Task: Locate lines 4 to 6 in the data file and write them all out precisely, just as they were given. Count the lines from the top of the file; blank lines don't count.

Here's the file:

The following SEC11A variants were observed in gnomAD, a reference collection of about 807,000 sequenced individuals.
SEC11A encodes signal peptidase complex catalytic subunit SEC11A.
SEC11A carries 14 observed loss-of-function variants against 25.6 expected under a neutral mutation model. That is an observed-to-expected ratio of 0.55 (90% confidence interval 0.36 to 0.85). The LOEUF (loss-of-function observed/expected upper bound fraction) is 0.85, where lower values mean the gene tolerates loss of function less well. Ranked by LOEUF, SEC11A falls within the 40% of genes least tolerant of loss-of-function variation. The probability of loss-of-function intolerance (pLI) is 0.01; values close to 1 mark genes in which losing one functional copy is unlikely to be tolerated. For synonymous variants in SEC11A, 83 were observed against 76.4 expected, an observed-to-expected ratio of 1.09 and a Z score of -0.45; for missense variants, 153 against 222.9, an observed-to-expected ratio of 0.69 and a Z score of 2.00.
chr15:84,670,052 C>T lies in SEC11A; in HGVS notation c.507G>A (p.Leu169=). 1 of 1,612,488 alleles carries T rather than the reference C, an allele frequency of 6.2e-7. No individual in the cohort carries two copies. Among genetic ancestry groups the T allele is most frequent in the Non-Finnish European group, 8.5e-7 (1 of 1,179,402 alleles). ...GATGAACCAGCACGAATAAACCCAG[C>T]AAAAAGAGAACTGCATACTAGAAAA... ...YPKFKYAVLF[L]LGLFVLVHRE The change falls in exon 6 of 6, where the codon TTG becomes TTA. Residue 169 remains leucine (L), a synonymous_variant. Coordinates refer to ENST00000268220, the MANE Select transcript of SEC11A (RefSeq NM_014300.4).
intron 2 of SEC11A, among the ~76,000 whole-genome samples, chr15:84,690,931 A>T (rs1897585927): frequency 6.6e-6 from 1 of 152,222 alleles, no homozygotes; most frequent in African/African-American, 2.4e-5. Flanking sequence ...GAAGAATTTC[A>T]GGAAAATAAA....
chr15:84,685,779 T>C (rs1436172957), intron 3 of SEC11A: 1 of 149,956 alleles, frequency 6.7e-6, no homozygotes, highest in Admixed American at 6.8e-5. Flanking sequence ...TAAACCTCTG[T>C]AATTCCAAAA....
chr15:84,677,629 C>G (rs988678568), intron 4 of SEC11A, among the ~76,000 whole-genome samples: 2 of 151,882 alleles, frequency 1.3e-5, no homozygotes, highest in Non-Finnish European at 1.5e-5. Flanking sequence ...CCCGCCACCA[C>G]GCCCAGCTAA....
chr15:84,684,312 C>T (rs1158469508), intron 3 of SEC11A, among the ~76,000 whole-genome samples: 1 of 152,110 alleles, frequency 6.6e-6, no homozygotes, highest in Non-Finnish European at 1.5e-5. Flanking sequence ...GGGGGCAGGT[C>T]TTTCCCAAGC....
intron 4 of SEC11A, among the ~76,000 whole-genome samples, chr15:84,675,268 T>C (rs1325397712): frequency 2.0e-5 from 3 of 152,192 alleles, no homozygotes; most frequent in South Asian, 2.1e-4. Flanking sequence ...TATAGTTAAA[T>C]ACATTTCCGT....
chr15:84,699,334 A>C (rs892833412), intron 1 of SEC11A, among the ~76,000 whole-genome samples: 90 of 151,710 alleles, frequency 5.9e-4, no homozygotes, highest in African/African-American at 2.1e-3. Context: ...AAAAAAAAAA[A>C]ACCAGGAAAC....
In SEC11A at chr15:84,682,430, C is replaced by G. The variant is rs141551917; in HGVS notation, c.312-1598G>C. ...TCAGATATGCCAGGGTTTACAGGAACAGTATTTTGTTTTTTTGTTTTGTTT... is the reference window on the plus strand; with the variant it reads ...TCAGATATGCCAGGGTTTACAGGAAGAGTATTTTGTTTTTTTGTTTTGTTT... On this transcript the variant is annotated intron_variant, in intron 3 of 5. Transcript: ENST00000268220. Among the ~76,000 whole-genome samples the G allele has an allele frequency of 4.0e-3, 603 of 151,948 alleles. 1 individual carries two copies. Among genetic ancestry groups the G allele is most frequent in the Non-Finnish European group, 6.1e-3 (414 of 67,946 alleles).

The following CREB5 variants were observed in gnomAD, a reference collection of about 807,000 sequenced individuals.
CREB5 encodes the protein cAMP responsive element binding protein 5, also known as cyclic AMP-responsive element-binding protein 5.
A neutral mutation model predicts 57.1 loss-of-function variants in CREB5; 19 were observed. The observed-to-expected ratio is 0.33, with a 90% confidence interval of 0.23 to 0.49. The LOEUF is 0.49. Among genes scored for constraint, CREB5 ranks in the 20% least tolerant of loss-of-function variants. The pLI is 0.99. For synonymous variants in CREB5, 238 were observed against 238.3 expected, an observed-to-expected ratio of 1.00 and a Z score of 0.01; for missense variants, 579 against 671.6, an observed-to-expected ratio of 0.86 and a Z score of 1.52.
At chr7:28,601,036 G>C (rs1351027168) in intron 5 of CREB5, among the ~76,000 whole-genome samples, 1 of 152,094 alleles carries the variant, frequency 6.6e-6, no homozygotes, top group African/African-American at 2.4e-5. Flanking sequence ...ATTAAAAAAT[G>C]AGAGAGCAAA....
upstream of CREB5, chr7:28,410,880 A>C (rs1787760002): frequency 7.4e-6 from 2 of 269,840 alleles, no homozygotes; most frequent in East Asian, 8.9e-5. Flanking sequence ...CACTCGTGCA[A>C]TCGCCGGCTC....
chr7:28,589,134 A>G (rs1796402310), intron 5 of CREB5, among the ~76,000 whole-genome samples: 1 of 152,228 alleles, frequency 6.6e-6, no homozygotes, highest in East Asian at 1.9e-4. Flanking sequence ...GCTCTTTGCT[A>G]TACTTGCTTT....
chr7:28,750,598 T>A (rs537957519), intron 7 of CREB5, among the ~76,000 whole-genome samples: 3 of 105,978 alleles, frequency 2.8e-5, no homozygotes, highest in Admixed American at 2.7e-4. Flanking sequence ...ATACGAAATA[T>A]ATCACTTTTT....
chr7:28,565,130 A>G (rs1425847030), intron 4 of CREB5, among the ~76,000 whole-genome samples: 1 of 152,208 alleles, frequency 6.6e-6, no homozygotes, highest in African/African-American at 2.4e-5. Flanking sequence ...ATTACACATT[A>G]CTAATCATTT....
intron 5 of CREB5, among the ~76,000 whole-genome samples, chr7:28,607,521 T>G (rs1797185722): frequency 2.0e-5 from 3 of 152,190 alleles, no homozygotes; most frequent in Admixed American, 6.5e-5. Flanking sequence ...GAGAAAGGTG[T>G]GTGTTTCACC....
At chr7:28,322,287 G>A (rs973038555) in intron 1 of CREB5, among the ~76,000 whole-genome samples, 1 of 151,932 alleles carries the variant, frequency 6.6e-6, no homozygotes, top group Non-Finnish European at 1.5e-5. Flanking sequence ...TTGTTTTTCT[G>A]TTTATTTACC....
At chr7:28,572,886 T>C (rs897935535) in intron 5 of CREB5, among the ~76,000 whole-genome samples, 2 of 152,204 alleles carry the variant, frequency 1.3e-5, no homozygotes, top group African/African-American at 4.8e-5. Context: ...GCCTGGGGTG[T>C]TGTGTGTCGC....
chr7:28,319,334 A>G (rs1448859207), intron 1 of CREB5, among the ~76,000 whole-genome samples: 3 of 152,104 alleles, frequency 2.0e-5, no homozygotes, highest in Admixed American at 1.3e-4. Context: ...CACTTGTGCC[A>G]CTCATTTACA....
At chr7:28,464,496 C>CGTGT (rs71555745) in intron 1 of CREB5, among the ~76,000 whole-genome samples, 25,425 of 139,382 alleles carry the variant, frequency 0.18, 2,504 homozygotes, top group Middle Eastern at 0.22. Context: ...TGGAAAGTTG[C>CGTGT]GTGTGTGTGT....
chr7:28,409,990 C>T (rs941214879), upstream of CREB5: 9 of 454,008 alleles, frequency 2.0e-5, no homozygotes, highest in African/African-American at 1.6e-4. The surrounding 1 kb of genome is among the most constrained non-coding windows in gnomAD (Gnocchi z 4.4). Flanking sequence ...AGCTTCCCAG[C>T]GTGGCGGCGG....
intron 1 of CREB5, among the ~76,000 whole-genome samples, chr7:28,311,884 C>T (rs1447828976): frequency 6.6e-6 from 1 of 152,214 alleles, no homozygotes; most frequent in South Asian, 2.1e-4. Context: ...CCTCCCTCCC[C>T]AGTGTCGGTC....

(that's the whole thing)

chr15:84,670,052 C>T lies in SEC11A; in HGVS notation c.507G>A (p.Leu169=). 1 of 1,612,488 alleles carries T rather than the reference C, an allele frequency of 6.2e-7. No individual in the cohort carries two copies. Among genetic ancestry groups the T allele is most frequent in the Non-Finnish European group, 8.5e-7 (1 of 1,179,402 alleles). ...GATGAACCAGCACGAATAAACCCAG[C>T]AAAAAGAGAACTGCATACTAGAAAA... ...YPKFKYAVLF[L]LGLFVLVHRE The change falls in exon 6 of 6, where the codon TTG becomes TTA. Residue 169 remains leucine (L), a synonymous_variant. Coordinates refer to ENST00000268220, the MANE Select transcript of SEC11A (RefSeq NM_014300.4).
intron 2 of SEC11A, among the ~76,000 whole-genome samples, chr15:84,690,931 A>T (rs1897585927): frequency 6.6e-6 from 1 of 152,222 alleles, no homozygotes; most frequent in African/African-American, 2.4e-5. Flanking sequence ...GAAGAATTTC[A>T]GGAAAATAAA....
chr15:84,685,779 T>C (rs1436172957), intron 3 of SEC11A: 1 of 149,956 alleles, frequency 6.7e-6, no homozygotes, highest in Admixed American at 6.8e-5. Flanking sequence ...TAAACCTCTG[T>C]AATTCCAAAA....